The Presidential Years

As a continuation of this nation-building and confidence-building, he had his own obsession to bring business to connect with the very poor, the poorest of the poor. He would take them by the hand, the Anton Rupert’s, the Douw Steyn’s, all the major rich people, and took them to the poorest areas of South Africa. I remember one day he said that one of them said, ‘Is this South Africa!’ because they had no clue about the huge gap between white people and very poor people, black people.

He would go to an area - and the detail of this is very important - he would have the headmaster of the school, for instance, and he would have the community leader and he would have the traditional leader of the area and of course the government official. These four would be the ones to interact with the person who’s going to sponsor a school or a clinic or whatever. Once he introduced them he pulls out and says, ‘Talk to each other. You need a school and you are going to build a school. I don’t want to interfere but you are going to communicate.’ And then the business people themselves would make a plan to bring the builder and to manage these different community representatives to have the school built.

At first sight it was just a school, but if you go deeper you would say he was connecting the very end of the wealthiest with the poorest and it allowed them to have space to talk to each other. So the problem is the need for a school or a clinic. But it is also to connect them to talk, and the message was, ‘You are at the end of the poorest and you are at the end of the richest - you have to meet each other somewhere in the middle’.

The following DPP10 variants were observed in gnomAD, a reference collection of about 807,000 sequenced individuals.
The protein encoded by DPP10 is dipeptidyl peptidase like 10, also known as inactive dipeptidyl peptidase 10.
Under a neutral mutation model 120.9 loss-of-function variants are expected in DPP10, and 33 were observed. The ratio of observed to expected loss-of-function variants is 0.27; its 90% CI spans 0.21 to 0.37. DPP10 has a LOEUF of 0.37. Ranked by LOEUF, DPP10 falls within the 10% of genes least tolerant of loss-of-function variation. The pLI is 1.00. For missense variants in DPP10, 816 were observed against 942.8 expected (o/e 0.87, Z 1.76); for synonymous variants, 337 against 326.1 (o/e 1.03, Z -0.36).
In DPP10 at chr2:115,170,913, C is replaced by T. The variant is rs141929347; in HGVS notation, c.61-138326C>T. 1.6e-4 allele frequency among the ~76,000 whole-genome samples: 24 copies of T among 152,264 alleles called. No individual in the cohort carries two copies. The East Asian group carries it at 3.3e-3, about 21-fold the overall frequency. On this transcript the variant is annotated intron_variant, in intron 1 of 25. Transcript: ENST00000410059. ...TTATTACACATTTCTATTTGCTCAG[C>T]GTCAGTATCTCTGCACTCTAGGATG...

You remember very well, he started this work while he was president, but he did it much more when he stepped down because he had the time and he knew that he had not completed the task of nation building. He knew also that the poorest would trust him and the richest would also trust him - I wouldn’t say he was the only one, but he had the strength and power to do it because he was trusted by both sides.

I think there is another important detail: he chose the poorest provinces - KwaZulu-Natal, the Eastern Cape and Limpopo - not that there weren’t poor people in other provinces but those were the worst and if you look at the statistics even today, I think that these provinces are still the poorest. He chose deliberately to focus on these provinces because he knew that he couldn’t spread over all the provinces but could at least choose the most challenged ones.

​ Graca Machel